I decided, as an excersize (and for the heck of it) I would package my FOSS
project YICS (www.yics.org) for Debian.
Basically, YICS connects to any of the free Yahoo! Chess lobbies and emulates a
FICS server, meaning xboard, eboard, and other FICS interfaces can be used to
play on Yahoo! Chess. The idea is to bring the features of those interfaces
(automatic PNG logging, customizable colors/sounds, etc) to the Yahoo! world.
There are, however, a few legal issues I wanted to bring up before I spend the
energy packaging it. I believe that I can refute most of the problems, but you
might (and certainly do) know more about law than I do.
(For those who can't figure it out, I start potentially negative sections with
"===" and potentially positive ones with "+++".)
=== Problem 1: The Yahoo! TOS: http://docs.yahoo.com/info/terms/
Section 17 contains this sentence:
> You agree not to access the Service by any means other than through the
> interface that is provided by Yahoo! for use in accessing the Service.
Section 2 defines Service:
> Yahoo! provides users with access to a rich collection of resources,
> including various communications tools, forums, shopping services, search
> services, personalized content and branded programming through its network of
> properties which may be accessed through any various medium or device now
> known or hereafter developed (the "Service").
We can assume that this includes Games.
+++ Refutation: "Interface" is not defined anywhere. Couldn't TCP port 11999
be considered some kind of interface to the "Service?"
=== Problem 2: Back to our friend, section 17:
> You acknowledge and agree that the Service and any necessary software used in
> connection with the Service ("Software") contain proprietary and confidential
> information that is protected by applicable intellectual property and other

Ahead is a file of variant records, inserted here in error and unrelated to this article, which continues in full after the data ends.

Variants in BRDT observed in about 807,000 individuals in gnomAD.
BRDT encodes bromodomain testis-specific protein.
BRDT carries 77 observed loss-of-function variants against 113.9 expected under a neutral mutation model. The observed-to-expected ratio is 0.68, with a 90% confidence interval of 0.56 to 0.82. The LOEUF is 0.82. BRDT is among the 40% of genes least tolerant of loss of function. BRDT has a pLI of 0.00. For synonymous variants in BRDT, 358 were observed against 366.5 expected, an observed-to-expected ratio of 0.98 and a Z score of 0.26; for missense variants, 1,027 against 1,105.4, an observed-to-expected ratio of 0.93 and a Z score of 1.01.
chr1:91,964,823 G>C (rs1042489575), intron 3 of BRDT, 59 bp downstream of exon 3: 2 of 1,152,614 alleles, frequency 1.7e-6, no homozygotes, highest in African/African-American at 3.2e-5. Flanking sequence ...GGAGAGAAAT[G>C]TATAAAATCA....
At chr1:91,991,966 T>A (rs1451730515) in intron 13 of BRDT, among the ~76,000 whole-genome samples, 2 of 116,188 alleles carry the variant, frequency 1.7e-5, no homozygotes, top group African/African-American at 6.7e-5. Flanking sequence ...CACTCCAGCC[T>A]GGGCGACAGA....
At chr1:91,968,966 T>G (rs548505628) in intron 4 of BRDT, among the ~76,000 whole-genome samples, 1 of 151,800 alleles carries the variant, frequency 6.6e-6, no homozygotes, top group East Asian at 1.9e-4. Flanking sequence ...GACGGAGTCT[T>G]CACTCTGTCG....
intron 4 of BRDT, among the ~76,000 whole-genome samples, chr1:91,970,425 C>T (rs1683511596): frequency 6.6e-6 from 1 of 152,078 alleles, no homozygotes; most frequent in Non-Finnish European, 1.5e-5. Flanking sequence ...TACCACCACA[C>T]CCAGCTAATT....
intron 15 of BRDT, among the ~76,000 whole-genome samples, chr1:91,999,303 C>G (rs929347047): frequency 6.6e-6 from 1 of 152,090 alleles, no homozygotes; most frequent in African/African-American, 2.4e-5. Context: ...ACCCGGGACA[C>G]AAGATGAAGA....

The binary protocol is encrypted, which also brings up DMCA issues.
+++ Refutation: Progressive XOR can hardly be considered a trade secret. And
the DMCA is supposed to cover *copyrighted* material, *and* allow for
=== But: http://www.eff.org/IP/Emulation/Blizzard_v_bnetd/ The DMCA is, of
course, supposed to cover copyrights, not protocols. But bnetd did get sued.
=== Users of YICS don't see banner ads when playing either, so YICS does mean
some lost revenue for Yahoo!.
*HOWEVER*, and this is kind of the hinge... regardless of the legal issues
outlined above, I have one major advantage. I have very strong evidence that
Yahoo! knows about my project, and I have made no effort to hide my identity --
the program itself lists my Yahoo! ID.
I have not heard from Yahoo! during the project's two-year life.
An unfortunate side-effect of YICS is that it allows a computer to be directly
hooked up to the Yahoo! Chess servers, by way of WinBoard, xboard, and other
commercial interfaces. Yahoo! does not forbid this, but I doubt they like it
very much. On the project wiki and forum I have stated in the rules that any
kind of information pertaining to using YICS in combination with an automated
computer are prohibited from appearing or being discussed on either. I feel
that it is this alone that has kept me in Yahoo!'s good graces.
A side-effect of this side-effect is that I am contacted almost daily by
certain key members of the Yahoo! underground world (cracking, boosting, and
all that junk). Several of them have had their accounts removed within months
of registering on Yahoo!.
So... if Yahoo! actively deletes accounts of known underground leaders and
participants, how come my account hasn't been disabled or removed? I can only
assume that it's because I've tried to promote YICS as an alternative
interface, not a cheating tool. I haven't tried to hide from Yahoo!.
My site doesn't use a dark color scheme like the "hacker" sites, either.
But seriously, what do you think?
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GCS/IT d-(--) s:- a--->? C++(+++)$> UL++++ P++++$ L+++>++++ E---
W++ N o++ K? w--$ O M- V- PS--(---) PE++ Y+ PGP++ t+ 5? X-
R(+)>- tv-(--) b- DI+> D++ G>+++ e>++ h(--)>--- !r>+++ y->+++
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